New COVID Boosters: What to know about the bivalent vaccines that offer better protection against omicron

Hart Van Denburg/CPR News
Nurse Diane Clark administers a first dose of COVID-19 vaccine to Amaya Hill, 8, of Colorado Springs, at El Paso County Public Health’s Southeast Women, Children and Infants office on Saturday, November 6, 2021. This week federal regulators approved the Pfizer COVID-19 vaccine for children ages 5 to 11.

As Coloradans prepare for the holidays, many might be wondering about when to get the newly updated, bivalent COVID-19 booster that offers protection against omicron and its subvariants.

These boosters became widely available earlier this month, and state officials are pushing to get shots into arms before a possible surge of cases this fall and winter.

The updated booster is currently available to anyone 12 or older (depending on the brand) who have completed the initial COVID-19 vaccination series (two doses of Pfizer, Moderna or Novavax or a single dose of Johnson & Johnson). The Centers for Disease Control and Prevention also recommend that a booster recipient be at least two months out from their last dose.

Dr. Diane Janowicz, an infectious disease expert at St. Mary’s Medical Center in Grand Junction, spoke to Colorado Matters host Ryan Warner about the new booster and when to get it.

This interview has been edited for clarity and length.

How is this new bivalent booster different from the original booster?

The original vaccines and booster were monovalent, which means they only contained genetic information for the original coronavirus strain. 

The new bivalent booster contains information for both the original strain we’ve seen since 2020 and the most commonly seen one now — omicron and its subvariant BA.5, which we’re seeing causing the most infections in Colorado.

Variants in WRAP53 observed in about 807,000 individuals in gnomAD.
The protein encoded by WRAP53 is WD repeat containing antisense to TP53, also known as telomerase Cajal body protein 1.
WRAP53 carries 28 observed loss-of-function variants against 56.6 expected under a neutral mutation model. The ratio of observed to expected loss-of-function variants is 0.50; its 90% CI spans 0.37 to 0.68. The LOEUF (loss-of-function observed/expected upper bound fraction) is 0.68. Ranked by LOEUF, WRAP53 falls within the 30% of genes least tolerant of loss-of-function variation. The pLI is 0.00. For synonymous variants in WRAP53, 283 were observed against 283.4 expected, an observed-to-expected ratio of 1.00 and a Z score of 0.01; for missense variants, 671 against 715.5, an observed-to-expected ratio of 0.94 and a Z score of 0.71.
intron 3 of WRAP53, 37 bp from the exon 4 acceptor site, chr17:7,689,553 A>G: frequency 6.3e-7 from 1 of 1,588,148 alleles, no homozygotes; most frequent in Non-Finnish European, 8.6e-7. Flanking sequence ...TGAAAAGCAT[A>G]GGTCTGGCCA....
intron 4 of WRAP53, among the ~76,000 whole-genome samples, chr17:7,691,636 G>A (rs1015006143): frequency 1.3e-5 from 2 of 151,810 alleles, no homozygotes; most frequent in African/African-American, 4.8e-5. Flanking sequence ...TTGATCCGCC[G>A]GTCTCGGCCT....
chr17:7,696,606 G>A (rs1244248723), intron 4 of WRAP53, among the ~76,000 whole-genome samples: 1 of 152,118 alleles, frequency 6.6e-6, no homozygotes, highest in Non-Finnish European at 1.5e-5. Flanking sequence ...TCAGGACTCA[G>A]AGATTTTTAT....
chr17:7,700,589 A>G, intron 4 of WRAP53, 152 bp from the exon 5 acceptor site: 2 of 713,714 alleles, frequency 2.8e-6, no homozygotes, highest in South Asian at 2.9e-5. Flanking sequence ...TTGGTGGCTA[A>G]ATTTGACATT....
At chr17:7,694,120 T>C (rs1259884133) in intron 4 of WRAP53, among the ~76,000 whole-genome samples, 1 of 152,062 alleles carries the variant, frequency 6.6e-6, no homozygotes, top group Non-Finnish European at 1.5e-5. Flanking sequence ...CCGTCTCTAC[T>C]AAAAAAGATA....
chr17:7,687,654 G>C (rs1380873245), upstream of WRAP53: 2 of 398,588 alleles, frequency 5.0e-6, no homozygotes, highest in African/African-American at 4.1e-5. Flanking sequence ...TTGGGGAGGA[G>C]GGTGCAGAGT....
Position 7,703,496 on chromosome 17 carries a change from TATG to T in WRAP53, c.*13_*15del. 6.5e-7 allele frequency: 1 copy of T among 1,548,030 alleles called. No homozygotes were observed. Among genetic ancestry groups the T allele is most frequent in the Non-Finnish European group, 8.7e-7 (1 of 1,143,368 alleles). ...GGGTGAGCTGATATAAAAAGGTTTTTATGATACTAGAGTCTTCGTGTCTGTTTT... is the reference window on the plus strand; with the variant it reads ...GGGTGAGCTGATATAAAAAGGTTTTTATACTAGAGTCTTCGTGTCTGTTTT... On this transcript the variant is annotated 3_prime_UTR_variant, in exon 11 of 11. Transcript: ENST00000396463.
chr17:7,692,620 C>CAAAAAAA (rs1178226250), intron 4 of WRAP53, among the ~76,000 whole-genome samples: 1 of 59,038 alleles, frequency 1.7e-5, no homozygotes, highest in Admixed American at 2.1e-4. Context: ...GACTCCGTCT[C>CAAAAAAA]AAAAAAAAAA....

What if someone is fully unvaccinated against COVID-19? Can they get this new booster?

No. They are not eligible. Go ahead and start your vaccine series and then when you’re eligible, get this updated booster because it’s going to offer you more protection from omicron, which we are predicting will be the dominant strain throughout the rest of the year.

Should I skip straight to this new booster if I only have the initial COVID-19 vaccination series (two doses of Pfizer, Moderna or Novavax or a single dose of Johnson & Johnson)?

Yes, absolutely.

Do you trust this booster? What are the potential side effects?

As an infectious disease doctor having looked at the vetting this vaccine went through, we have data that shows that it is effective and safe. The amount of side effects that we see with this booster is about the same and perhaps even lower than what we saw with the original, primary vaccine series.

How long after having COVID-19 can I get this booster?

Right now, the recommendation is that you can get this booster as soon as you are symptom-free and out of the five-day isolation period (or 10 if illness was moderate, according to the CDC). However, usually we recommend you wait two months or up to three months. New data shows that there is some benefit to waiting three months after that infection, whether you’ve been vaccinated or not.

Click here to see the CDC’s latest guidance on isolation.

Should people consider travel plans and gatherings as they decide when to get their booster?

It’s tempting to delay getting the booster with gatherings coming up, but there’s a lot to consider. We know that the effect of the booster really kicks in two weeks after you get the shot.

So let’s say you have a wedding or big family reunion coming up in two weeks, now is the time to get it. Try to get it two weeks before any event or gathering. 

But delaying getting this booster does carry inherent risk because we’re still seeing at least 400 COVID-19 deaths a day in the U.S. The virus is still circulating and infecting a lot of people. So if it’s convenient and you have the chance, go now.

Is there any harm in getting both the updated booster and flu shot at the same time?

There is no harm whatsoever. It’s currently recommended that you go ahead and get both your flu and COVID-19 shot. You can get them both in the same arm if you’d prefer to have only one sore arm. 

When they’re given at the same time, the side effects are just about the same if you receive one and then the other later on.

CPR News audience editor Obed Manuel contributed to this article.